• mindfulmaelstrom

Finding Ground in a Groundless Time

Updated: Apr 27

Written by Registered Psychotherapist, Will Groenewegen.


Hello fellow people of the world,

Who would have thought that this is where we’d be? A short while ago, we would never have believed it. The whole world, rallying around the same unsettling story – never have we all gathered around a global digital campfire to hear news of an unfolding situation quite like we are right now. We’re all on edge, we’re all affected, and we’re all in this uncertainty together. As a psychotherapist, my allegiance belongs to my clients’ mental health as they try to navigate these stormy waters. As a member of a community, I worry about my friends and family. As an individual, I am concerned with my own well-being. As a global citizen, I wonder as to how this will shape the course of history. There’s a lot to worry about indeed, and not being concerned about this situation is not a viable option for anyone. To expect any of us to buck up and not show our vulnerability, fear, and anxiety in these isolating times would be inappropriate and unhelpful. Supporting each other, helping each other, in whatever ways we can while self-isolating, is more important than ever right now. And so is taking care of ourselves.

Generally speaking, when thinking about how to self-love and gather the forces within us, there are two main environments to consider: the external physical environment, and the internal psychological one. Humans have always, rightly so, found certain amounts of value, worth, certainty and comfort from both of these environments. But more then ever, we find ourselves in a place where we have very little certainty about the goings on of the external environment. And so, more than ever, the internal psychological environment becomes the place to find our ground, gather our senses, honour the self, to craft a measure of agency and help us better sit with external situations that we can’t control. Developing ways to cope with our future worry or past grief, and increase our relationship with the present moment, will surely help us during this tough time. For many, this starts with the breath, a turn inward, a reaffirming mantra, a way to lower the volume of our minds by getting back into our bodies.

It’s a hard ask though – these are concerning times and some of us are suffering very greatly because of it. We shouldn’t endure this alone; we should be reaching out to the people we know and love, and not feel a burden for doing so. But it’s also the time to do the inward dive and reach for ourselves. How do we do this? As mentioned, it can start with having a mindful breath, perhaps joining a meditation class or other type of activity (like YouTube led Tai Chi class!). Any routine that helps us quiet the mind, find our bodies, get into the ‘flow-state’, develop our relationship with the present moment, help us sit with the discomforts of life, and help us reclaim the inner world, would be a great addition to a balanced lifestyle in our strange here and now. These behavioural strategies that we can do will surely help us through this tough time. So will cognitive strategies that help us think about this situation differently – these days it’s especially important to be aware of our inner critic and self-doubting voice, to make sure that the ideas and assumptions and things we are telling ourselves through all of this are as helpful, rational and loving as possible. This could mean being consciously aware of the self-talk that goes on in all of our heads. It could mean being extra attentive to observing our thoughts, noting helpful and unhelpful themes, and course-correcting as much as possible once we’ve identified what they are. Try spending a certain amount of time a day (maybe 15 – 30 minutes) considering your general thought patterns. Is there any room for adjustment? In CBT, a strategy called ‘know your distortions’ is a helpful method of getting to know what types of thinking patterns you might be doing that is aggravating the way you feel and behave during times of crisis. Here’s a link in case you want to check it out for yourself: https://psychcentral.com/lib/15-common-cognitive-distortions/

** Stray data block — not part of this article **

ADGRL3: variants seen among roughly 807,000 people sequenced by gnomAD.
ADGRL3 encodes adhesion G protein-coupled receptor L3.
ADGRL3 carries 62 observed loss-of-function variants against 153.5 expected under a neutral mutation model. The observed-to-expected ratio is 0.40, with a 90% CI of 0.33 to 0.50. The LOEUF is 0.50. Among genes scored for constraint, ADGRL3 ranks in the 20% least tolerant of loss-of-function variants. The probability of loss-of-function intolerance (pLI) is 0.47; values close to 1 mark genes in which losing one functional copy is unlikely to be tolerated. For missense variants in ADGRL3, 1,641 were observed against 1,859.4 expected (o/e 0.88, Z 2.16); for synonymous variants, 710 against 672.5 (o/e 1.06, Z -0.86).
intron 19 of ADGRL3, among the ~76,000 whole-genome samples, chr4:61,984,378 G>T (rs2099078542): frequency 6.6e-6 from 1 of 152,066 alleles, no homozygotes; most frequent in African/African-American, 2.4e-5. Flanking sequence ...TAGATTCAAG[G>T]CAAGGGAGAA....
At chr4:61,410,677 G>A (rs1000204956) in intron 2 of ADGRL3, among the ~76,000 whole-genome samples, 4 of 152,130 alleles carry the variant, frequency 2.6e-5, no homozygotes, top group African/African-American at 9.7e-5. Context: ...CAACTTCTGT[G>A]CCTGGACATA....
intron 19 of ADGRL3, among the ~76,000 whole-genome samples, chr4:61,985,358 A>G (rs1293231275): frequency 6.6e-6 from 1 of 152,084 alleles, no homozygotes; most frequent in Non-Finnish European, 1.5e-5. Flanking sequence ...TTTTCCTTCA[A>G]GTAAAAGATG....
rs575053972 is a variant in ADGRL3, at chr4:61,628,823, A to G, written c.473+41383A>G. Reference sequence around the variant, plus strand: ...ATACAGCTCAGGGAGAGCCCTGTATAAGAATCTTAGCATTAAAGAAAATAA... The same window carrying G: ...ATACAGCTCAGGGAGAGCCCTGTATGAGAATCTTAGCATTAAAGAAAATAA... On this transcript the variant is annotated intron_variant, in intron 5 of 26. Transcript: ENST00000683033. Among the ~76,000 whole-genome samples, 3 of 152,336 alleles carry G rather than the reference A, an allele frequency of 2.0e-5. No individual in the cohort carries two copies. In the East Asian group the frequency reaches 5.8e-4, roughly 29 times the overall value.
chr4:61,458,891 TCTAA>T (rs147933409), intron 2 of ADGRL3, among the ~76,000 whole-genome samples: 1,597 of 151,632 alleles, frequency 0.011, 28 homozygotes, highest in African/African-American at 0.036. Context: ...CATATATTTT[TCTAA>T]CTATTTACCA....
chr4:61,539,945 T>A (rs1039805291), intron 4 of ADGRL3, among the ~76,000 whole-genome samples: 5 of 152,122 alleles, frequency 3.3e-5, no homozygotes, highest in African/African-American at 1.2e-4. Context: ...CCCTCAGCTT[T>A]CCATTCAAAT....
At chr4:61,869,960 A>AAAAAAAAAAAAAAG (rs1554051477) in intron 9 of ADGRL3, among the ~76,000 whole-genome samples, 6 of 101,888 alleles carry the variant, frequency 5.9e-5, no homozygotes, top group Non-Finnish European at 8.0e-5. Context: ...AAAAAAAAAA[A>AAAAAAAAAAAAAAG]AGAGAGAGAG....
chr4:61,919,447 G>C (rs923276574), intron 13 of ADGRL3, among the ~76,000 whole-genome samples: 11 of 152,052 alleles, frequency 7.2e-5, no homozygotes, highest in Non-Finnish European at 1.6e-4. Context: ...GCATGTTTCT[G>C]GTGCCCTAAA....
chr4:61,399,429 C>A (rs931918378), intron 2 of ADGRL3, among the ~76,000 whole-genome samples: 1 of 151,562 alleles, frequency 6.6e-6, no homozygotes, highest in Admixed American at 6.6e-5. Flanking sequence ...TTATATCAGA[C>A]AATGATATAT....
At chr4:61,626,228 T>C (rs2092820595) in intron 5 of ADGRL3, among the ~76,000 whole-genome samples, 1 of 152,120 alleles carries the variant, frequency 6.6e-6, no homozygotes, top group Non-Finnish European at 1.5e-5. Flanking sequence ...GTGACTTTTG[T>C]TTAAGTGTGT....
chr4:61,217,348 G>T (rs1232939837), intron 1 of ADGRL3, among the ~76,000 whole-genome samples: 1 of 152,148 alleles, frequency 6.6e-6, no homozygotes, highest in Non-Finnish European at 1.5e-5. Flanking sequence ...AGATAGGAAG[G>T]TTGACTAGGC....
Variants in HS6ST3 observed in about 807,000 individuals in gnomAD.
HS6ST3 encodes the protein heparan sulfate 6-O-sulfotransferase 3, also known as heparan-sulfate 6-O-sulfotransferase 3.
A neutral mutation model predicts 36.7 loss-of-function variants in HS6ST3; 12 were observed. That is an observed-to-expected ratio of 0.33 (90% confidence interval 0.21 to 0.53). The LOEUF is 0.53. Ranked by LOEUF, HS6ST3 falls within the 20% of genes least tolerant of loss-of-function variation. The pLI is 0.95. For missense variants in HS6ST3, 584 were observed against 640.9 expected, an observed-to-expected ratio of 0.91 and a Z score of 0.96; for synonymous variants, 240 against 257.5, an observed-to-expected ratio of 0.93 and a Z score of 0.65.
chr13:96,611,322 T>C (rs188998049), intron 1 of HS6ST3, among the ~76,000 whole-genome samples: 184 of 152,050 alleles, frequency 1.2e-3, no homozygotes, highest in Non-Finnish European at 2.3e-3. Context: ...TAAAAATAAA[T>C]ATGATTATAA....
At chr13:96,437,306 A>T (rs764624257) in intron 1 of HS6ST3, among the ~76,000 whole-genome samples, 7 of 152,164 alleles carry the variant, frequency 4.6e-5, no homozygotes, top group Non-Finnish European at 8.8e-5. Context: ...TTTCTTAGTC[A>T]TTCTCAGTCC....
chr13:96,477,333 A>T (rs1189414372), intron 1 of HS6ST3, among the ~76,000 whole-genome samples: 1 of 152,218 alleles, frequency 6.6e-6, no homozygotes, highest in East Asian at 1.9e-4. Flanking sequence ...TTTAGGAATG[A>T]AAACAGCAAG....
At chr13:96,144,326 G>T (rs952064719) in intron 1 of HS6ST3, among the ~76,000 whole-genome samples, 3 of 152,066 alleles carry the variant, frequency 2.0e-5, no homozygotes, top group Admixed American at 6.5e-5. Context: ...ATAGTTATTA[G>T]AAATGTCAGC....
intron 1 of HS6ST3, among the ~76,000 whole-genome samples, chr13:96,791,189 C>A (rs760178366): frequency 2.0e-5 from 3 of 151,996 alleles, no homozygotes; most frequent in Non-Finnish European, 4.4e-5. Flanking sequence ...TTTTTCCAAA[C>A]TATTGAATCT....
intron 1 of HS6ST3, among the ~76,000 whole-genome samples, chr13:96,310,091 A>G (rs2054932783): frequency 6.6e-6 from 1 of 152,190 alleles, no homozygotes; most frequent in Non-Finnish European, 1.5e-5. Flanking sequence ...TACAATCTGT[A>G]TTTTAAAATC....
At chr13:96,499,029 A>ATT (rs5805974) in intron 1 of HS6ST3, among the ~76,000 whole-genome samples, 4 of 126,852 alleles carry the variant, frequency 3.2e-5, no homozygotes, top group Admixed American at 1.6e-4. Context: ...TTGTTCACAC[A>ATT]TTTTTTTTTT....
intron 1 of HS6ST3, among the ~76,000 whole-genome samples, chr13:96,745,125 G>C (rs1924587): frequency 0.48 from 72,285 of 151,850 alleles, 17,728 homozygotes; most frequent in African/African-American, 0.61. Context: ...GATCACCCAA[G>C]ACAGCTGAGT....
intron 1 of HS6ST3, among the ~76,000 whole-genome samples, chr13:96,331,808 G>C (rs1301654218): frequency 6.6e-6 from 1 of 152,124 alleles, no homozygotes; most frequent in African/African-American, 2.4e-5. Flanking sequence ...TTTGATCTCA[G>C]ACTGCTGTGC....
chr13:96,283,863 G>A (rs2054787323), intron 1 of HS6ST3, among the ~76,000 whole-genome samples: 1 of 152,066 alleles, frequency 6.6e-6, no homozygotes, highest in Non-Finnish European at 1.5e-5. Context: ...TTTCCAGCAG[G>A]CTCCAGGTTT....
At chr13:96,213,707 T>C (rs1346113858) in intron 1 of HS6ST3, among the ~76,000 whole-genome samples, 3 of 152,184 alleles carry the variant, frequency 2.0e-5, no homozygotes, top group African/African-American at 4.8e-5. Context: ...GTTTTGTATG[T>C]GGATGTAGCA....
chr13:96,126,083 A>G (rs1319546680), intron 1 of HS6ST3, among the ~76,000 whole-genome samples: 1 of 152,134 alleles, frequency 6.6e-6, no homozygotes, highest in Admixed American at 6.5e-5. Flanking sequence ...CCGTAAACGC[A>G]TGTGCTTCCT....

Another helpful cognitive strategy is to take the time to remind oneself of the perspective, insights and values that are really important to you as a person, to remind yourself why it is that you’re more resilient than you think. Remember to be as kind and generous and patient with yourself as you are with others. Hopefully, with this increased agency over the goings on of our bodies and psychology, we can feel a bit better about how we are coping with this situation. I wish all of those reading this the best in the coming days, and the strength and motivation to look inward and develop practices, rituals and routines that increase sense of agency and outlook in these strange times.


We can do this!


- Will

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